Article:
Did government need a strategy to reduce the increased number of 'everyday cyclists' that had occurred with road improvements and other safety initiatives in the 1980s? Could it be that government recognised that enforced helmet laws would in effect kill off cycling only leaving the 'already-helmeted-lycra-clad-players' (a group easily regulated, tribal, and equally opposed to 'everyday cyclists')? In the last 20 years these bicycle organisations have assumed the mantle of bicycle experts, and are always referred to on 'matters bicycle'...but seriously what have they done for the 'everyday cyclist'?...and also seriously, were they really necessary to the extent that they developed? - it would never occur to me to belong to a 'grocery shopping group', and I 'grocery shop' all the time just like I 'cycle' all the time, so why does Bicycle NSW have the last word on the way we should all cycle?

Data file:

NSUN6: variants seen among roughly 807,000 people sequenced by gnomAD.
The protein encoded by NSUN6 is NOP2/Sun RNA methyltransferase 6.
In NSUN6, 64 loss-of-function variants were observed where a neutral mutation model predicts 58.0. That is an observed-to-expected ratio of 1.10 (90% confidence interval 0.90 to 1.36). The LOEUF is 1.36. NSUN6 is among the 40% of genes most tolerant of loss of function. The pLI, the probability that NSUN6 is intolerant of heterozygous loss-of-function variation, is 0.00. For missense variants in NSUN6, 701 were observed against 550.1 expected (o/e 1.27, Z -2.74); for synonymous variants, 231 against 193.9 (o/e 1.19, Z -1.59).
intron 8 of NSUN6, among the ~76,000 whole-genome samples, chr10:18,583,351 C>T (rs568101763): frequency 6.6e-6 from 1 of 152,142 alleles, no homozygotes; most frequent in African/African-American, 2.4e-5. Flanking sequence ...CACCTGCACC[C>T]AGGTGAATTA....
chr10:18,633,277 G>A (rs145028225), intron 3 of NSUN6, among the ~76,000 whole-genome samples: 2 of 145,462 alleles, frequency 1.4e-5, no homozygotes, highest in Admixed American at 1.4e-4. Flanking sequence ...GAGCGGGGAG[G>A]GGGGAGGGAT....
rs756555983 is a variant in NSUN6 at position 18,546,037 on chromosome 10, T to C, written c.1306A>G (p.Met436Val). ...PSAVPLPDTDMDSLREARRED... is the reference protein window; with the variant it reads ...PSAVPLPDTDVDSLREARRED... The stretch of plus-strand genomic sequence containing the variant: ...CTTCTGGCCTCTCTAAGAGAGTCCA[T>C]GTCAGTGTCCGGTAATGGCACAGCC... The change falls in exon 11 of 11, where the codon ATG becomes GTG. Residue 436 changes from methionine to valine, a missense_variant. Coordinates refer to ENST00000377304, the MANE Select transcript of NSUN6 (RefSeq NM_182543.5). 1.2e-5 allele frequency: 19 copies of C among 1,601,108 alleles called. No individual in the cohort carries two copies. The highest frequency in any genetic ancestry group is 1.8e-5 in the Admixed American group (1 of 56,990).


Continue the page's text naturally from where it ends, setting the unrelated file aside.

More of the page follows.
Instead of demonising cycling we ought to recapture it for all of us, just like we used to have it, just like our parents and grandparents had it. This short trailer of the "Beauty and the Bike" project is inspirational, and it would be so lovely to do something like this here, but we're stymied before we even start - because of our helmet laws. I plan to purchase the DVD and then to organise a viewing for our community and any of our local council who might like to come.
Interestingly, a couple of my friends have just purchased bicycles and have asked me to cycle with them in Sydney, basically for a "mini-refresher" and quick orientation of the CBD, Inner West & Eastern Suburbs. They feel a little anxious but are really keen to get back into it - we plan to shop and cafe-hop, and maybe we'll even finish up at the theatre, like my daughter and I did last weekend.
Unquestionably, helmets deter all of this but the zeitgeist has shifted, and the change is coming, and it's a grass-roots one - and you know what? - it's already started!!!!